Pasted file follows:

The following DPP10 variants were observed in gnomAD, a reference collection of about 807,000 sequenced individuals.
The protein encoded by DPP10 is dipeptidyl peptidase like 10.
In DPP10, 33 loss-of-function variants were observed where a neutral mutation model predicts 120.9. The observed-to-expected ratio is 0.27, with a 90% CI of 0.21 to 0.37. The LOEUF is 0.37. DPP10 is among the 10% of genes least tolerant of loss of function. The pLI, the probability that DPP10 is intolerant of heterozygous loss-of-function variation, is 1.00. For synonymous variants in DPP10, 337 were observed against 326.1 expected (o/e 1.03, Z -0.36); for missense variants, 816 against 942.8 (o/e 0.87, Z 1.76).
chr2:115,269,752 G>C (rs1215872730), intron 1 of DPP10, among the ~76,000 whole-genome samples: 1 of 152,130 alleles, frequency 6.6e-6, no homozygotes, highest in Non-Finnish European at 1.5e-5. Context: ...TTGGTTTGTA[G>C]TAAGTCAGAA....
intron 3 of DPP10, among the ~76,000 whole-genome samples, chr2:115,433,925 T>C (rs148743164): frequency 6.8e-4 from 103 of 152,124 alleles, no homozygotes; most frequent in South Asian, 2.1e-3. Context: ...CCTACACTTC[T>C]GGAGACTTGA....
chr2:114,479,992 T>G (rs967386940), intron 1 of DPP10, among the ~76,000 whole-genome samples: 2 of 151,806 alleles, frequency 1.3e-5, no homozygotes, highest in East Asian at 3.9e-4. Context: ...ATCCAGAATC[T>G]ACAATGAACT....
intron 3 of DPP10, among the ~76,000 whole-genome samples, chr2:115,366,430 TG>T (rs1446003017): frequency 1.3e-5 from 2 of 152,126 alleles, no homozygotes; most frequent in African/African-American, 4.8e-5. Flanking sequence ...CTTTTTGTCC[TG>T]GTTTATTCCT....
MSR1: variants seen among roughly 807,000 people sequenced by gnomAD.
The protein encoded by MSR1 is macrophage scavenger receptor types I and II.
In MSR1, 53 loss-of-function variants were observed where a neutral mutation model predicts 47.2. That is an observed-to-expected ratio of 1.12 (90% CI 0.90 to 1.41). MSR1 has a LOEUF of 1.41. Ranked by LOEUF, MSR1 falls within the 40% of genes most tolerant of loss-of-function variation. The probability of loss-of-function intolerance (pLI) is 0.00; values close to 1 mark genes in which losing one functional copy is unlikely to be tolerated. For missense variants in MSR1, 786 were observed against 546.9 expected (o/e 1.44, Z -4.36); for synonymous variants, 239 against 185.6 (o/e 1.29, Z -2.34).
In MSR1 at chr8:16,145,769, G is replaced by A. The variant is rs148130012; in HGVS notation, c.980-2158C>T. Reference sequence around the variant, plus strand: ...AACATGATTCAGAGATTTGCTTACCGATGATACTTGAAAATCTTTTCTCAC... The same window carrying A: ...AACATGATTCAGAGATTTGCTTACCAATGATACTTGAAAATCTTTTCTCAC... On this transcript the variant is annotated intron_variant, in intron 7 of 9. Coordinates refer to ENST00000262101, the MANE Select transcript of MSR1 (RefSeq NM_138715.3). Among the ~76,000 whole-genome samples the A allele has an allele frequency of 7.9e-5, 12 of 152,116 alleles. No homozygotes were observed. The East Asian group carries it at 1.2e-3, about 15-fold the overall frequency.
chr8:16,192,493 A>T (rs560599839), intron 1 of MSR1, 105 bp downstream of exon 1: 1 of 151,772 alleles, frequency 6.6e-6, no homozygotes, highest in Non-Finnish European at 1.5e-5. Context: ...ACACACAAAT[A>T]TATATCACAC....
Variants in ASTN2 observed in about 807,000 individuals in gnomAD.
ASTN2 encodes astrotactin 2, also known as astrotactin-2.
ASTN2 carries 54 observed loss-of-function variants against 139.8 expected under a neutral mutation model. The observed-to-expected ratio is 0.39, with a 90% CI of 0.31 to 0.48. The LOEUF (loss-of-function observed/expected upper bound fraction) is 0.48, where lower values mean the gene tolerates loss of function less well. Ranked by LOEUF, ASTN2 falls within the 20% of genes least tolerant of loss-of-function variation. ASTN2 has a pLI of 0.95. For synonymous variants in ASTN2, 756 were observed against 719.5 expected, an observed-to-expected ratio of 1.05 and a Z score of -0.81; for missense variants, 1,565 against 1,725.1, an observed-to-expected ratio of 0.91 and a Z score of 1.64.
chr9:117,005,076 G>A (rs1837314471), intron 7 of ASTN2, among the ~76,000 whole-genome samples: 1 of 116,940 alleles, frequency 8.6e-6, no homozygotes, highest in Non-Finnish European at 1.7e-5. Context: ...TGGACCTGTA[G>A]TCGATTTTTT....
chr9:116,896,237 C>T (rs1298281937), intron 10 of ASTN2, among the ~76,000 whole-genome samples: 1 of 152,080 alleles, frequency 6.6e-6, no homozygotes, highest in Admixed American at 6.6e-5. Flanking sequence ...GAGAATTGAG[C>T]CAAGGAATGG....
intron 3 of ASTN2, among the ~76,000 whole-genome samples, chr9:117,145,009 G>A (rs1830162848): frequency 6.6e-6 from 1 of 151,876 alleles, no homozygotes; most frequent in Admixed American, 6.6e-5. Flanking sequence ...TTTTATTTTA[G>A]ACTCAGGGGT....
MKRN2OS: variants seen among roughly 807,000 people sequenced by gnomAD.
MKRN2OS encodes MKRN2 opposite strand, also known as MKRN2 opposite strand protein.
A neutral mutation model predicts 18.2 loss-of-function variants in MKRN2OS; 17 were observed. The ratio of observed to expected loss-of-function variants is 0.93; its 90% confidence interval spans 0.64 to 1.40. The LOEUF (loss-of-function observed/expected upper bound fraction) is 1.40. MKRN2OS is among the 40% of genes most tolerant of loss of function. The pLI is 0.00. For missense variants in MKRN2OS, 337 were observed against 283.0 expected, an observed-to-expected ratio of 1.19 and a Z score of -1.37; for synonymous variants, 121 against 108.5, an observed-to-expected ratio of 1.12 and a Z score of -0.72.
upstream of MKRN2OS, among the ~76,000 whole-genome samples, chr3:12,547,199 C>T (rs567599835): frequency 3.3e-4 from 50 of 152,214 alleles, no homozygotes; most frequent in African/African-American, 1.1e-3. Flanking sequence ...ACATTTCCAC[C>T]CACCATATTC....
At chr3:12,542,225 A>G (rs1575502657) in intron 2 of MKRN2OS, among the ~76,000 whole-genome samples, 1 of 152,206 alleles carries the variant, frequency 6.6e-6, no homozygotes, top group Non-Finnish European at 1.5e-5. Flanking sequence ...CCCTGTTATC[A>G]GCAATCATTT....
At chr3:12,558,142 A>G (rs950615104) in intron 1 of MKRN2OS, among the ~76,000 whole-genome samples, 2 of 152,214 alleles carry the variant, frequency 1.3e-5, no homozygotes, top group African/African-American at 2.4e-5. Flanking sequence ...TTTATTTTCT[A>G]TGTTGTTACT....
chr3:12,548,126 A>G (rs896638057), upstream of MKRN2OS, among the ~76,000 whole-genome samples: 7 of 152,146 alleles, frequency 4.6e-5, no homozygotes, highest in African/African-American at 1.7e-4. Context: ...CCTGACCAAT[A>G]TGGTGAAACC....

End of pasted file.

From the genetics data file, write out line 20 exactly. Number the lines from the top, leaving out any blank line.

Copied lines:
MKRN2OS encodes MKRN2 opposite strand, also known as MKRN2 opposite strand protein.